Back in the US, Exxon teams up with General Motors to develop in the late 1980s the first production electric vehicle, the EV1. (This existed in our world too, but not until a decade later). The car uses Nasa-patented batteries and space-age materials to produce cars that outperform petroleum vehicles in every area but extreme range.

Exxon’s PR machine devises a “plugging into the Sun” programme promoting micro rooftop solar panels that refuel the EV1s for free. Millions of systems are manufactured and installed by subsidiaries of Exxon making it the wealthiest “energy” company on the planet.

The micro-grids developed for car charging are also suitable for developing countries without large electrical grids. A second wave of development occurs, this time driven internally by countries across the southern hemisphere. Exxon is held up as alleviating extreme poverty across the world and improving the lives of billions.

By the late 1990s, huge “liquid metal” batteries allow inter-seasonal energy storage, creating an energy reserve sufficient to allow the roll out of large wind and solar projects around the world. This makes coal and oil too expensive for energy production and its use is ramped down and eventually put into the history books by 1997.

The use of petroleum and gas does continue in the domestic sector, but construction moves beyond the need for active heating and cooling by the end of the decade and use of petroleum cars is seen as a quaint hobby for those that wish to use this very risky fuel.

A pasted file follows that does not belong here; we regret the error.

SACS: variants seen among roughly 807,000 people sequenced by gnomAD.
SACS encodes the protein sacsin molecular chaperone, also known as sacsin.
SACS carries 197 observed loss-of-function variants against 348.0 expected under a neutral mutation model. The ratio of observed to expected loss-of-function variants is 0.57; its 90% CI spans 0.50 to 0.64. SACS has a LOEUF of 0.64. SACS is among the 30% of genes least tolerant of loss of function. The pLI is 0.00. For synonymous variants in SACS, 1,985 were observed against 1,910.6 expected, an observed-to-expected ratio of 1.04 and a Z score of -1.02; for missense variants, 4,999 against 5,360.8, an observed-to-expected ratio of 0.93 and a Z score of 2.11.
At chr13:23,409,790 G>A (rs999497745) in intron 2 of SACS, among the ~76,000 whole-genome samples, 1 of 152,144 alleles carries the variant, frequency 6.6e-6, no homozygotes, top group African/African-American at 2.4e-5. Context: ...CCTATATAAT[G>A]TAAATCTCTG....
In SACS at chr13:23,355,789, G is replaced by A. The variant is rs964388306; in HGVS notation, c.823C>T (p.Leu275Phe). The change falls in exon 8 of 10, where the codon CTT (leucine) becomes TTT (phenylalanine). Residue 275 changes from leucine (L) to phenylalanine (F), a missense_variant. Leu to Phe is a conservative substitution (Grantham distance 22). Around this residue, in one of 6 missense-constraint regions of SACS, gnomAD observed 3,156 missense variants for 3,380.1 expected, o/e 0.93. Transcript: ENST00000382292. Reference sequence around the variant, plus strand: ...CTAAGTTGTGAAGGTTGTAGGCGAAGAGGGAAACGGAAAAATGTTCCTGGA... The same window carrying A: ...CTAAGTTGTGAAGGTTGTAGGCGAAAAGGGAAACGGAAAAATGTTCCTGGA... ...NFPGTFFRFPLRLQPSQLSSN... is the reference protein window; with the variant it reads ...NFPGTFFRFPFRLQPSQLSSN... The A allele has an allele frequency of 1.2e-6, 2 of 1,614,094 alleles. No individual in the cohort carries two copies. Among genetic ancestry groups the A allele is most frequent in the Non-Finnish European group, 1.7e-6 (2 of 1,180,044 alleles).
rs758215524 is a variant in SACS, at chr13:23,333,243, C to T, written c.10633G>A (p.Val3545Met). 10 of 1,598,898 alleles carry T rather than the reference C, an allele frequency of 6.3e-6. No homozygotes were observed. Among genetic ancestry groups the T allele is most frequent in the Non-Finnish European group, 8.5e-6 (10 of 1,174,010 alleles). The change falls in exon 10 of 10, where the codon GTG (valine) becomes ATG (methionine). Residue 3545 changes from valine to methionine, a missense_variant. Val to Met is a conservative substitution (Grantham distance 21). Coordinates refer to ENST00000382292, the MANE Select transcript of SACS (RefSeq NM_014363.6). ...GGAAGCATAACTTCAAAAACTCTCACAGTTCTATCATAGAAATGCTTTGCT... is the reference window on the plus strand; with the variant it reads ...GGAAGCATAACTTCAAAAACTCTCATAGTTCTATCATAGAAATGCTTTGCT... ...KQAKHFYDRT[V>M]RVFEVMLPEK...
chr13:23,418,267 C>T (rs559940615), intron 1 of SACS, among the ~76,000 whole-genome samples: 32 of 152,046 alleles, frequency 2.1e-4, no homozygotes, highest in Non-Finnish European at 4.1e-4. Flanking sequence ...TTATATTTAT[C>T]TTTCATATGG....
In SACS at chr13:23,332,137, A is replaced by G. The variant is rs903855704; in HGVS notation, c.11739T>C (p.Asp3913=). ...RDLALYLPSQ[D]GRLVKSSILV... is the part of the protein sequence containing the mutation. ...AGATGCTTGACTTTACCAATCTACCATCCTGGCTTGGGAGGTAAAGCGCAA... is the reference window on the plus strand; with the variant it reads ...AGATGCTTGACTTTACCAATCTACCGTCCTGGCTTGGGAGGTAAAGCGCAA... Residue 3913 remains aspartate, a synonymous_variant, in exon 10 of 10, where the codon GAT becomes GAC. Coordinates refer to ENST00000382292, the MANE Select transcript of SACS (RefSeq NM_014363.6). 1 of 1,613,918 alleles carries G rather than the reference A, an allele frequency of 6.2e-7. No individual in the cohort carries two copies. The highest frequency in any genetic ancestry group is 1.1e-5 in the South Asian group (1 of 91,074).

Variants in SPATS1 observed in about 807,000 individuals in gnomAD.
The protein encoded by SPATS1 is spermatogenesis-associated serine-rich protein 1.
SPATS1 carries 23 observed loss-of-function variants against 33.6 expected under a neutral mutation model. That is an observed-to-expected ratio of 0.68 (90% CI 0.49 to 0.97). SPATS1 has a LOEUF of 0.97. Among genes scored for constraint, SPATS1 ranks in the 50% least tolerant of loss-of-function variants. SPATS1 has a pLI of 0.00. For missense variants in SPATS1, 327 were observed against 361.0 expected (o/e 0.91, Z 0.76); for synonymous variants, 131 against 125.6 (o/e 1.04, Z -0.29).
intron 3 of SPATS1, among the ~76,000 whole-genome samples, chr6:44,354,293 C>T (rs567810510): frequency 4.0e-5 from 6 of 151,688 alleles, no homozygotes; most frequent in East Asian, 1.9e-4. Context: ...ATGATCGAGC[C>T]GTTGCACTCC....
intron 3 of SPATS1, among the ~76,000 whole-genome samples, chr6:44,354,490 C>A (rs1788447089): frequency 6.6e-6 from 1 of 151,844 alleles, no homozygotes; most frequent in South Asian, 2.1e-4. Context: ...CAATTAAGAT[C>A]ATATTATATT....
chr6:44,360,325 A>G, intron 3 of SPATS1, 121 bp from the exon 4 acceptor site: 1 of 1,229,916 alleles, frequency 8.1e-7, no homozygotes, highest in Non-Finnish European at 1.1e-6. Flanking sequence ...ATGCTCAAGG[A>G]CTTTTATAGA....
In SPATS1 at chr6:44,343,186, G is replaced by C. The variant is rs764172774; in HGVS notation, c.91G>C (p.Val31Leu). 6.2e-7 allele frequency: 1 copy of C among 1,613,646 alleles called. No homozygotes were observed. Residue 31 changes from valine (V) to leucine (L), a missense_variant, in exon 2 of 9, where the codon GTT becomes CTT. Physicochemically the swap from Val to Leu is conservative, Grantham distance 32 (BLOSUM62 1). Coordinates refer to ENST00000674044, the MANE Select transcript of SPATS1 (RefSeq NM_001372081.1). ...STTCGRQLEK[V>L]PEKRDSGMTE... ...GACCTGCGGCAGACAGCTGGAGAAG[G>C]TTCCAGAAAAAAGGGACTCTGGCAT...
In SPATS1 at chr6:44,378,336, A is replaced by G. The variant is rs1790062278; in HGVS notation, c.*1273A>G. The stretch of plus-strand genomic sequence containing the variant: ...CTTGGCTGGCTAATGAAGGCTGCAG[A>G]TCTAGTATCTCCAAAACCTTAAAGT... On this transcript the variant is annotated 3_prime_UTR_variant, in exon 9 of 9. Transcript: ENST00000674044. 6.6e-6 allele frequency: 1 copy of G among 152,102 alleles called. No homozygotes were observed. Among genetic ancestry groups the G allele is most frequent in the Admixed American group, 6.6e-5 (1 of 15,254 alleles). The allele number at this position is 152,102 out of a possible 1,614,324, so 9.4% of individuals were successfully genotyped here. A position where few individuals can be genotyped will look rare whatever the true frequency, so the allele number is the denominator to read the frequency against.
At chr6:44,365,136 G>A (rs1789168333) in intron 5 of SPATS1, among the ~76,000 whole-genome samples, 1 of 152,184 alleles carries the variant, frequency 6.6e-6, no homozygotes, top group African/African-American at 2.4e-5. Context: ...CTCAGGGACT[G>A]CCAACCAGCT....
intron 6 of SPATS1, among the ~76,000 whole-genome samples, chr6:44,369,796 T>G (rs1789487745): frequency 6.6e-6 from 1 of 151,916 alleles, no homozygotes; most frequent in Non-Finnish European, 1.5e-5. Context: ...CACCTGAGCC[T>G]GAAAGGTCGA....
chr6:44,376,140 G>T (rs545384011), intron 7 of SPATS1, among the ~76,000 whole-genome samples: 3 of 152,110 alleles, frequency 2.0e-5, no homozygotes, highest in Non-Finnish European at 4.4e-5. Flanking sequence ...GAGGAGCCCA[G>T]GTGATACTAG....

rusty old cars with moss growing on them

RIP petrol cars.
Samoli / shutterstock

Collapse averted

The age of oil is not entirely over. Demand for petrol continues at a level that oil companies are still able to make a small profit (environmentalists claim the oil companies are making “gas cars” cool so they don’t lose their final market).

However, seeing the opportunity for the manufacture of gasoline, many renewable energy firms begin the manufacture of “synth oil”, another space age output. The mineral oil companies push back but are unable to compete with the extremely low energy prices of synth oil as it uses virtually free energy from renewable energy systems off-peak.

By the 2000s, human society produces barely any greenhouse gases for manufacturing, transport or energy. Things are not perfect, and there are concerns about poverty, conflict, resources running out and the ecological impact of 8 billion humans and their dietary choices. The challenge for a stable, sustainable human society continues.

But climatic collapse – as we understand it in our world today – has largely been avoided.

And Exxon? Much like in our own timeline, Exxon is one of the world’s largest companies. But its massive rollout of distributed solar systems has also made it one of the world’s most liked companies.

In our world, former US vice president Al Gore won the Nobel peace prize in 2007 together with the UN’s climate advisory body, the IPCC. In this world, Gore still gets a Nobel for his work in the 1990s, but shares it with Exxon CEO Lee Raymond – there is less need for an IPCC as scientists were listened to three decades previously.


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This article is republished from The Conversation under a Creative Commons license. Read the original article here.